Those are both hugely important for creating stronger societies. We still need to get along with other people. Empathy is also important for her own individual creative development. If she wants to be able to create something new, then she needs the ability to identify a perspective and incorporate it into her thinking. So those will help her be a better person and a better worker. There are all of these different elements we want and we’re trying to incorporate them in how we raise our daughter.
We’d like school to support all of those and it’s probably why we chose the school we did. There was a philosophy of learning that was beyond the subject disciplines themselves and the school is able to articulate their philosophy. They could say, “Here’s what we try to do in our school and here’s what the teachers and school do to try to achieve that, and if you go into a classroom this is what you might see that’s indicative of that.”
What are those kinds of things the school does?
The focus is a developmental one and they focus on social-emotional learning as well as academic learning. One thing structurally is they they have mixed grade classes, and the reason for that is that when you have traditional classes, the kids who are the weakest one year tend to be the weakest the next year and this might dampen their joy for learning. The same is true on the opposite end of the spectrum - the kids at the top tend to stay at the top and perhaps have an inflated sense of their abilities and perhaps don’t have any incentive to push themselves either. With two grades, even if you’re the weakest student one year, the next year you get to have a group of students who are younger than you that you get to share your learning with. And if you’re the strongest student in the class you get a turn at being the younger and not strongest student.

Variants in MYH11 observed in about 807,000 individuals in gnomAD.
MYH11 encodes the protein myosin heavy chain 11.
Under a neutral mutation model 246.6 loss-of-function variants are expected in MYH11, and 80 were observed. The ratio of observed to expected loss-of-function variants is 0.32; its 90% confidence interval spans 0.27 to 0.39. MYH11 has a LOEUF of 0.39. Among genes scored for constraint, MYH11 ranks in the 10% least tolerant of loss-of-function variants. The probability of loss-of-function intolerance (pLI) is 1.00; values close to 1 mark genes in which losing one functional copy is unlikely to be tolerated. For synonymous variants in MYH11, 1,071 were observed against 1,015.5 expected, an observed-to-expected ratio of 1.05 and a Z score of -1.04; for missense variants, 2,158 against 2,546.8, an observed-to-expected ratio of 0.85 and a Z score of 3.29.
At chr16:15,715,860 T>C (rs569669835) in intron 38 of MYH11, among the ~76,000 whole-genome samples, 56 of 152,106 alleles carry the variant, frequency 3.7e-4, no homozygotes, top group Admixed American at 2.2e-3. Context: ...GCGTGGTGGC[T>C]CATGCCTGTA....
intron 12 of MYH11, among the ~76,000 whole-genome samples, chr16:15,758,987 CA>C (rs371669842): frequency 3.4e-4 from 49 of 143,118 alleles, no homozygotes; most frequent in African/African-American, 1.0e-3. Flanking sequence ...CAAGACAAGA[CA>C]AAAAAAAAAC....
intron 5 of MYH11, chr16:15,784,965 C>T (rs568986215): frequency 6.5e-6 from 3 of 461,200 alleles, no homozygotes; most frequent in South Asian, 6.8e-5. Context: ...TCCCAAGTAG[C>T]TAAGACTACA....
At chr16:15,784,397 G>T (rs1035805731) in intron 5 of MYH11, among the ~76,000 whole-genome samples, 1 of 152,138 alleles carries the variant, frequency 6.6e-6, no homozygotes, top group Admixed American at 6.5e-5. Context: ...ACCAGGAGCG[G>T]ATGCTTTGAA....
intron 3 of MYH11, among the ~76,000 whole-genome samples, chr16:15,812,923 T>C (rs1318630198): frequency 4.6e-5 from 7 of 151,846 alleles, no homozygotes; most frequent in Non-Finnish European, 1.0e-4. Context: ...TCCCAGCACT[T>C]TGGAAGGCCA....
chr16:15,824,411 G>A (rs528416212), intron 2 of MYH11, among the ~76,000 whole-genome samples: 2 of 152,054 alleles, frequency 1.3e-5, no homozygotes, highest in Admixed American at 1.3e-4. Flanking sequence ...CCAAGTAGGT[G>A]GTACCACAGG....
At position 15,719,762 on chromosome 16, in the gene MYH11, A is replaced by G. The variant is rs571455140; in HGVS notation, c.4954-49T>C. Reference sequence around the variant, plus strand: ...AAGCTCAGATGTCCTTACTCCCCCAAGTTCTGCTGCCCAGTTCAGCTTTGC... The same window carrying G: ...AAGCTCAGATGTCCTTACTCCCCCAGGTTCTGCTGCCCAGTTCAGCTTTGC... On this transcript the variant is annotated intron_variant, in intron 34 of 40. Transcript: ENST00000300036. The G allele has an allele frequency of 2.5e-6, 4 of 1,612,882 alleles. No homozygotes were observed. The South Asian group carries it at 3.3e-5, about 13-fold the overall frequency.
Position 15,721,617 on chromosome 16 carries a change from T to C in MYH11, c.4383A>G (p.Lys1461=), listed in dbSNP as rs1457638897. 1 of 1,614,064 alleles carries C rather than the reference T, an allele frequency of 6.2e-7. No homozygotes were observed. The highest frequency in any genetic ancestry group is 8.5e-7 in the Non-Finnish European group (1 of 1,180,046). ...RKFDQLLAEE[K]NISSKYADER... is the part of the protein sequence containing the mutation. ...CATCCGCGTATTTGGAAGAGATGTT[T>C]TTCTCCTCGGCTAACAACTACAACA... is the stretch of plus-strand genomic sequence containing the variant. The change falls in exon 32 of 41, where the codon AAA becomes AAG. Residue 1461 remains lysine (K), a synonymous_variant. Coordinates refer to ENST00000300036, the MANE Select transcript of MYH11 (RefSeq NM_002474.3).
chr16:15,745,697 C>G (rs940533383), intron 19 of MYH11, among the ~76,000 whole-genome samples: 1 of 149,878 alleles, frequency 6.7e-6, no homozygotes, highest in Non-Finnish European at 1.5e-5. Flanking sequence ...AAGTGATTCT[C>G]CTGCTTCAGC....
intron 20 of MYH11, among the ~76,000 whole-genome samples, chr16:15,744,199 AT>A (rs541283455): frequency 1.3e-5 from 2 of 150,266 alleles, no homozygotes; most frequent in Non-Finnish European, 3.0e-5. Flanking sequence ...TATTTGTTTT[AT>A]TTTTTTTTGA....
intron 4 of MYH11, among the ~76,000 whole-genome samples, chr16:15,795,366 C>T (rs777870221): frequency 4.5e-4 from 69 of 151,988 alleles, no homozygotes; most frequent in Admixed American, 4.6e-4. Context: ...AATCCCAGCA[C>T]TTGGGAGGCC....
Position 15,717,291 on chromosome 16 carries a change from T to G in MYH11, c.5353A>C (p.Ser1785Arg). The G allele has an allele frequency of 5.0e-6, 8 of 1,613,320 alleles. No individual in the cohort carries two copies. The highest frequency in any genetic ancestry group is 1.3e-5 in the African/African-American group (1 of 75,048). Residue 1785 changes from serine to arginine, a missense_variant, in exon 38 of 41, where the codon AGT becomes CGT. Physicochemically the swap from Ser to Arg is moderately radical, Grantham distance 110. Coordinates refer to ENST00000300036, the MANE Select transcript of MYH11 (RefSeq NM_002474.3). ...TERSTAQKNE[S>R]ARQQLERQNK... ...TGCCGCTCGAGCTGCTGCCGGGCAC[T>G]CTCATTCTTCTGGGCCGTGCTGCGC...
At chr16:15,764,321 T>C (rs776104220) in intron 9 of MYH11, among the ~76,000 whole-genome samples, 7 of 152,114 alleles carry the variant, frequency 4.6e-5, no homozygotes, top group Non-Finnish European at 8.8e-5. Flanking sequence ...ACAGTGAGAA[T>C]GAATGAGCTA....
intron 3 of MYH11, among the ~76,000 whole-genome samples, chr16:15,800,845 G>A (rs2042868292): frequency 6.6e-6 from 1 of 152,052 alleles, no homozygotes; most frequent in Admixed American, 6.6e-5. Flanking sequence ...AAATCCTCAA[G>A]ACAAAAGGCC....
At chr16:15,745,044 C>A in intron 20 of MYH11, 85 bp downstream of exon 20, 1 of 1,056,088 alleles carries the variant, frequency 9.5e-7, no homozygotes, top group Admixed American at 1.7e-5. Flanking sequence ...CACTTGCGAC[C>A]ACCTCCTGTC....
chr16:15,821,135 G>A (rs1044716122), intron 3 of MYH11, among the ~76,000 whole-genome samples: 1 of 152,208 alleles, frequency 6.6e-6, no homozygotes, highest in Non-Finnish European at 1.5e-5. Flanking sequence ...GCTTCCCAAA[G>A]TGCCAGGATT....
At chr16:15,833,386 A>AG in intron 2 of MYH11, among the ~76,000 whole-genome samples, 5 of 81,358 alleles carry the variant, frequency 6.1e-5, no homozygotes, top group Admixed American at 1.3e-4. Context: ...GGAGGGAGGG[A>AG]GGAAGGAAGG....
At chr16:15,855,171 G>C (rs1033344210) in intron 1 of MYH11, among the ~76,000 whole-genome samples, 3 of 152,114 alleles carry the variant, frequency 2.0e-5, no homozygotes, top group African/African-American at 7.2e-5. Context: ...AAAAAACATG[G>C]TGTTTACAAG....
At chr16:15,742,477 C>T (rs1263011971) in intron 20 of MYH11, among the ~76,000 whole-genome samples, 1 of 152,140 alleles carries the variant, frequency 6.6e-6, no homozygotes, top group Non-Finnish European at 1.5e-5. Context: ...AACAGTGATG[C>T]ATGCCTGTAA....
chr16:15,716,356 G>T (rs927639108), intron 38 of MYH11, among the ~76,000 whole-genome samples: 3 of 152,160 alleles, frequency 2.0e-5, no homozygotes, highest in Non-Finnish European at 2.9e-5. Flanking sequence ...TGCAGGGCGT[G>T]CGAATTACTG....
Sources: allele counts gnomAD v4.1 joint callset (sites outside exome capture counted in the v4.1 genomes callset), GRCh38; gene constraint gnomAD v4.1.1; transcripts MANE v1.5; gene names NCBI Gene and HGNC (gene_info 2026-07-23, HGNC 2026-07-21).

Anything that this conversation brought up that made you think, “Oh, I hadn’t thought of that before”?
Something I think is interesting is how there’s something very passionate and strong that I’m trying to articulate but I feel so ill-equipped to articulate it. I think that’s really indicative of something. There’s something really important to me about this subject that I’m not quite able to express – we make these kinds of decisions about what we think we want for our kids but they’re not necessarily ideas that are formulated in a way that are totally cogent or clear. So there’s as much a feeling about them as a rationally developed argument.